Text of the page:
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America’s Democratic Allies Shine

The 3 a.m. phone call finally came, and who was there to pick it up, Barack Obama or Hillary Clinton? The answer: Nicolas Sarkozy. A headline in today’s New York Times says it all: “Libya Calls Cease-Fire After Britain and France Vow Action ‘Soon.’” Well, almost all. The teaser gives some important color: “America’s role was unclear.”

Libyans rang up Washington mid-slaughter to find call-forwarding had been activated. In Paris, President Sarkozy took the lead with courage and purpose. He became the first international head of state to recognize the legitimacy of the Libyan opposition. Then he rallied international support for military intervention in hopes of halting a dictator who had turned his war apparatus against his human property.

The U.S. response to this noble effort? In Sec. Clinton’s words, “There are difficulties.” Exactly which administration doctrine does that brave and thoughtful declaration represent? Smart Power? Winning the Future? I know — it must be Restoring America’s Standing in the World. The G8 foreign ministers who heard it left the meeting in Paris this week “completely puzzled” about American intentions and priorities.

But what was so puzzling? The world hardly needs any more evidence that Barack Obama believes in the virtue of a disinterested and semi-retired American superpower. Fortunately, however, Hillary Clinton believes in Hillary Clinton. Finding herself attached to a calamitous and indefensible policy, she needed out. Instead of going down with the ship, she went rogue. First, “Clinton insiders” leaked against the White House. Then Hillary went full-hawk, saying that Muammar Qaddafi’s irrational and violent nature left the U.S. no choice but to support potential military action against him. “There are some creatures that are like that.”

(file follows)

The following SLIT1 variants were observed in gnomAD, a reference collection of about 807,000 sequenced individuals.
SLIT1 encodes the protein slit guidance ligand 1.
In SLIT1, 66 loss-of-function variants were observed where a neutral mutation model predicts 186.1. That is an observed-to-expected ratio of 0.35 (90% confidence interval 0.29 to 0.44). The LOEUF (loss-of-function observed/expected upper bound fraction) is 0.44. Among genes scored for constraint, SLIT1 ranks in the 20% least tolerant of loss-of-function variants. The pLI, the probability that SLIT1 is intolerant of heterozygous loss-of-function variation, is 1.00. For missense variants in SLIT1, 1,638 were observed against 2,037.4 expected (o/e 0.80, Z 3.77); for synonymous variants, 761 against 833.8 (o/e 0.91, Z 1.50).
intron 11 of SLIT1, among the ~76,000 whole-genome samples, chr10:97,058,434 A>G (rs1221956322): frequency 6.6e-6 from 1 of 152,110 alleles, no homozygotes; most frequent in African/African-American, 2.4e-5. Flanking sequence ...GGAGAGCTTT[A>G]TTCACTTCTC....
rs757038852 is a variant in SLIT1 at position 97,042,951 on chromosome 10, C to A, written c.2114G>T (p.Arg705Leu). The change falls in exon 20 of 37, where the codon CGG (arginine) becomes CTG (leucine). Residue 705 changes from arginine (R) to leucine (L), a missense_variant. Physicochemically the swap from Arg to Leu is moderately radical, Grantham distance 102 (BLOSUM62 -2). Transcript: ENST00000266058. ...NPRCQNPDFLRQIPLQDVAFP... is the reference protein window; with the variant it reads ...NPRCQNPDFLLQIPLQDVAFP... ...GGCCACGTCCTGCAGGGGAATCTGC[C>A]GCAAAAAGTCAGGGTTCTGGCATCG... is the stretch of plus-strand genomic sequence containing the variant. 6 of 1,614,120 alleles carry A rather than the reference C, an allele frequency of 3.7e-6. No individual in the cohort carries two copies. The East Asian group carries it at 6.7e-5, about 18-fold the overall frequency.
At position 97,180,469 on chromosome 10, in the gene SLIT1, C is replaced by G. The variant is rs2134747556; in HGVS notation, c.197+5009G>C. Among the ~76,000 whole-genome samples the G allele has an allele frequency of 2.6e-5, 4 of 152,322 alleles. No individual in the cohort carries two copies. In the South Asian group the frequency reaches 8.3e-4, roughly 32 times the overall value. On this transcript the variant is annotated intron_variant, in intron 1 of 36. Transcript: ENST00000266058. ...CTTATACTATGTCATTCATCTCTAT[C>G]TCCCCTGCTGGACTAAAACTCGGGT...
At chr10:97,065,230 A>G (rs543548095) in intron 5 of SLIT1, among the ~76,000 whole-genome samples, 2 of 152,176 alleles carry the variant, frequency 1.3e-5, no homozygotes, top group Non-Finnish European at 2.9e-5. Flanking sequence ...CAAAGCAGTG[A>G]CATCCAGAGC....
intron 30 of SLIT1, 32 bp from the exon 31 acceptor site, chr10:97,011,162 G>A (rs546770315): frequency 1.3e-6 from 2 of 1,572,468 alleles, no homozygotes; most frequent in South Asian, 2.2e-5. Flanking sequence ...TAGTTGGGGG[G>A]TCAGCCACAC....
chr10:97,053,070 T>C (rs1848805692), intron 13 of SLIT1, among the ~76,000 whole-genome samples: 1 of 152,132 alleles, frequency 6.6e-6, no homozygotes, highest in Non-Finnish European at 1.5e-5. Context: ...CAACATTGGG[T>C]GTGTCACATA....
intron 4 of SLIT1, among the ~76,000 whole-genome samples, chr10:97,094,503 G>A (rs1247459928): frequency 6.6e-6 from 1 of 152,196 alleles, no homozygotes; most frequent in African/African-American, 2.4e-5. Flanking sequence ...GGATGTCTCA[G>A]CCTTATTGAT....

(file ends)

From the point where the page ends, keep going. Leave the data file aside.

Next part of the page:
Indeed there are, which seems to come as a shock to the Obama administration. America has a global responsibility, and it’s not to enforce the undergraduate code of political correctness and cultural relativism. It is doubtful that the world’s Muslims sleep more soundly knowing that the American president can approvingly cite a few Arab and Persian poets. That didn’t seem to matter to the young Egyptian democrats who snubbed Clinton in Cairo last month “based on her negative position from the beginning of the revolution and the position of the US administration in the Middle East,” or to the Libyan rebels who said Qaddafi’s triumph “will be on the international community’s conscience,” or to the Iranian protesters who in June of 2009 asked of Barack Obama, “Are you with us or with the regime?” America’s global responsibility is to act, when it can, to safeguard human rights against “creatures” like Qaddafi.

Thanks to France and Britain, the UN Security Council has approved military action in pursuit of that goal. Getting the UN to agree to act concretely against a dictator is no small feat, and the credit will not go to the American president who had vowed to make more effective use of multilateral institutions. He spent weeks pontificating on the inevitably just “arc of history,” while European leaders understood that history doesn’t bend of its own will. America will now contribute to any effort that is undertaken, and that is as it should be.

Is the cease-fire real? Doubtful. Is it too late to move against Qaddafi? Let us hope not. For if his reign somehow continues on the other side of this episode, the U.S. will have lost a generation’s worth of Muslim goodwill and a critical battle in the fight for liberty in the Middle East. There is another recent New York Times headline that seems rather dispositive at the moment: “Bullets Stall Youthful Push for Arab Spring.” Arab youths were stalled by bullets. What’s our excuse?



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